April 29, 2013 week 13 kyudousha kiseki- there are miracles everywhere

hello everyone!

This week has been crazy. Ups, and downs, sideways and backwards, you name it.

So, as far as dendo goes, we usually teach a lesson or two a day with one of our investigators. Most of the time they are in Japanese, with a few exceptions to international people who can usually speak pretty good english. We do go streeting/housing a lot, which isn’t incredibly successful, but you always meet interesting people that way. This week we went to a house where the woman, Sayaka, rescues homeless cats and dogs. She has 13 cats and 6 dogs living in her home. When they were talking to us and we were eating lunch, the cats would just be walking across the table. I thought we were in a zoo. I had to pick a few cat hairs out of my tea before drinking it. yum. We also do this thing called kubari-kai, where we pass out flyers for our english class that we teach. Lots of fun. And people usually like talking to americans, or want to know why this little blonde girl is standing on a corner speaking Japanese. This week was one of my first times being on my own doing that, and I’ll admit that I was scared out of my mind. But, I got to talk to some people on my own, in Japanese. I couldn’t quite understand everything, but I could respond, so that’s definitely a start 🙂 We teach english class once a week on Wednesday night from 7 to 8:30. Its a great way to meet investigators, and all our students are so sweet.

Our ward is the best. They had a surprise party for me on my birthday. All such sweet people 🙂 It was actually Kentaroh, our newest convert, that put it all together. (I think he actually sent me a friend request on Facebook mom, if you’re managing that at all.) and they showered me with cute little Japanese presents. gotta love them. And I got your package mom! Thanks a ton. I’m sending some stuff your way for mothers day tomorrow. Hopefully you get it soon 🙂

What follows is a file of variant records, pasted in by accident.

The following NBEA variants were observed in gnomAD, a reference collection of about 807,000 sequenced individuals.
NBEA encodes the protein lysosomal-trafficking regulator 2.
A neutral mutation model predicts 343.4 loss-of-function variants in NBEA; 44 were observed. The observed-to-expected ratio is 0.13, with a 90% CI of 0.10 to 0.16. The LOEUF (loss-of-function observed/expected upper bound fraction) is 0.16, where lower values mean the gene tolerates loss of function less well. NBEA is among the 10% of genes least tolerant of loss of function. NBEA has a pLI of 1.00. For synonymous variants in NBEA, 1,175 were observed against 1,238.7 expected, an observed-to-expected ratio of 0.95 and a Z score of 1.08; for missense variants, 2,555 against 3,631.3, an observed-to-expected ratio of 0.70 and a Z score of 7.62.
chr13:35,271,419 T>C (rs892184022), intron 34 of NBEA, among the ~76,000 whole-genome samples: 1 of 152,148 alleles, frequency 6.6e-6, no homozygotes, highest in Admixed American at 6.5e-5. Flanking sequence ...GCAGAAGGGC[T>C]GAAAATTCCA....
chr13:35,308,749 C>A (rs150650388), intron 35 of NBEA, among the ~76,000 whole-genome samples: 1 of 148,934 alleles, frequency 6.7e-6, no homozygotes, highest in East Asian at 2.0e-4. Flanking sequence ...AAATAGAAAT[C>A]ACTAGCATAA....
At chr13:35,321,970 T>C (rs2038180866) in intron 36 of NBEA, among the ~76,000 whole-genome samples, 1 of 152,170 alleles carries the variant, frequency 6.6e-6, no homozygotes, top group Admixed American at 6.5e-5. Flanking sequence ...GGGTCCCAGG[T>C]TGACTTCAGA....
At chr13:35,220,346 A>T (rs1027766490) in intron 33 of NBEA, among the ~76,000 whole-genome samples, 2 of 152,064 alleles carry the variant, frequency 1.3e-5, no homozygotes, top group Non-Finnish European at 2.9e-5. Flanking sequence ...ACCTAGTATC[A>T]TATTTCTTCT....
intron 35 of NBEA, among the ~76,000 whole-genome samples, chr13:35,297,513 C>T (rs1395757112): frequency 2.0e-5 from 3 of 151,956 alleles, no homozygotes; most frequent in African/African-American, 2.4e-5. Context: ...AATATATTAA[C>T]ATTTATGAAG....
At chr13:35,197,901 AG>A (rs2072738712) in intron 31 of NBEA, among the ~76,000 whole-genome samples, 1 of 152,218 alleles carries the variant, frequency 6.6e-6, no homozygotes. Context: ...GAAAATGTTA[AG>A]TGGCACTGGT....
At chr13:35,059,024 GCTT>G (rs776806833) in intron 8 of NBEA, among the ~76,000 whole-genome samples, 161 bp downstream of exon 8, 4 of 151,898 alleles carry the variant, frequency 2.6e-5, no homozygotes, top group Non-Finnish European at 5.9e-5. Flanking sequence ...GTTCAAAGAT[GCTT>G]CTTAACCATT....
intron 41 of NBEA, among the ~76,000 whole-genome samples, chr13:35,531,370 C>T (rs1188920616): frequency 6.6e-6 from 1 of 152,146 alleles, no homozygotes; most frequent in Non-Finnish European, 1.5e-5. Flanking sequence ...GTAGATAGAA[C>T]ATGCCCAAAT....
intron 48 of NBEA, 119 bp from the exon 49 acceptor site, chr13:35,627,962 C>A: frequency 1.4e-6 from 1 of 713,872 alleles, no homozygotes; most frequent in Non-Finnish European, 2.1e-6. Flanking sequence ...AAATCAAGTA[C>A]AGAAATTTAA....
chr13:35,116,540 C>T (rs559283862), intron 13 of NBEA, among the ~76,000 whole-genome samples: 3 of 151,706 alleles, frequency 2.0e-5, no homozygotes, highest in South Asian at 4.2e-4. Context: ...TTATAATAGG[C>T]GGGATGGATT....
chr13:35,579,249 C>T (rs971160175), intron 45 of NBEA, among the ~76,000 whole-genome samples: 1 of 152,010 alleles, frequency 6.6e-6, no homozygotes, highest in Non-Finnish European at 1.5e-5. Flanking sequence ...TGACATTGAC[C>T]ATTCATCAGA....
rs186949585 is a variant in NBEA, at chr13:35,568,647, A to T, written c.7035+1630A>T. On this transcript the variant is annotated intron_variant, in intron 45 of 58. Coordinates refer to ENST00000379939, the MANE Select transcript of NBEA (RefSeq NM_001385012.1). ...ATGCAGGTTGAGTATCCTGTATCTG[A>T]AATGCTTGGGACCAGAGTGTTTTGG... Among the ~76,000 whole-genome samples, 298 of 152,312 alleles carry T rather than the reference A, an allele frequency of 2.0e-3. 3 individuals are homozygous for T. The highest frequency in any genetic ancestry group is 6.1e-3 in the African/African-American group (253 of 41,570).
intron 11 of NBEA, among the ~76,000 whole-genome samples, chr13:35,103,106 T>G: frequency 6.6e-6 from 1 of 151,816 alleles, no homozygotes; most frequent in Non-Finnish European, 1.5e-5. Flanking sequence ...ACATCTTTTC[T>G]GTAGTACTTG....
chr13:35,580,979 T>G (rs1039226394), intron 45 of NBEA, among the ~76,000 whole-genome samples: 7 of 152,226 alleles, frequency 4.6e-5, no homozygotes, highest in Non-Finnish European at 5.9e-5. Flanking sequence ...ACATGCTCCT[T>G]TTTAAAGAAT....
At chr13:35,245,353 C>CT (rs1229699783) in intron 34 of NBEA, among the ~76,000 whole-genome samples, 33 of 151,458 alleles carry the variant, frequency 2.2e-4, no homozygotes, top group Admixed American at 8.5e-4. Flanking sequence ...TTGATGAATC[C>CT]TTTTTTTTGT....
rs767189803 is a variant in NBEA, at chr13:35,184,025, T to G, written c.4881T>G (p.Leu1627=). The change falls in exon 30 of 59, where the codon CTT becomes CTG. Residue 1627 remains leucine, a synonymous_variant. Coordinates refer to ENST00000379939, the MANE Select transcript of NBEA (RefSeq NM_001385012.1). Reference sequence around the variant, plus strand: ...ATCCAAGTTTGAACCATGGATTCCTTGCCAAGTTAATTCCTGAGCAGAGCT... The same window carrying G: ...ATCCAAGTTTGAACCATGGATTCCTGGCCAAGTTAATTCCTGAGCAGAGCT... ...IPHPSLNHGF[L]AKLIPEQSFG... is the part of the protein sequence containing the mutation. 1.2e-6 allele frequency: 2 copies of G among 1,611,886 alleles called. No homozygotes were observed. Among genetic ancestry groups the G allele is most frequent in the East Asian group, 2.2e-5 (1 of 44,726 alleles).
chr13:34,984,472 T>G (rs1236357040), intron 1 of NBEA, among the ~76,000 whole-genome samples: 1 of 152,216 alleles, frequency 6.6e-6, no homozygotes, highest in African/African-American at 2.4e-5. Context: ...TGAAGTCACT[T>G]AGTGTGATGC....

Investigator wise, things have really just taken off. We had 3 progressing investigators at church with us on Sunday, and everyone in the ward has been telling us what a good job we have been doing lately. We actually got 2 referrals from members this past week. One of them is a family 🙂 It just goes to show how much more the members trust the missionaries when we work hard and give it everything we’ve got.
Two of our investigators have a baptismal date! Liu-chan and Cho-san, our friends from China. They both have such amazing faith, and we love teaching them. They are scheduled to be baptized on May 19th. Hopefully we can make it there with them 🙂
One of our new investigators is Hayakawa-san. He’s this adorable 60 year old man that wandered into the church building last sunday. He’s been to church twice now, and he’s been coming to our eikaiwa class. We just taught him the restoration and asked him to pray about being baptized and this church. He accepted, and he said that when he knows its true, he’ll be baptized. We have another lesson with him tomorrow. Hopefully things go smoothly!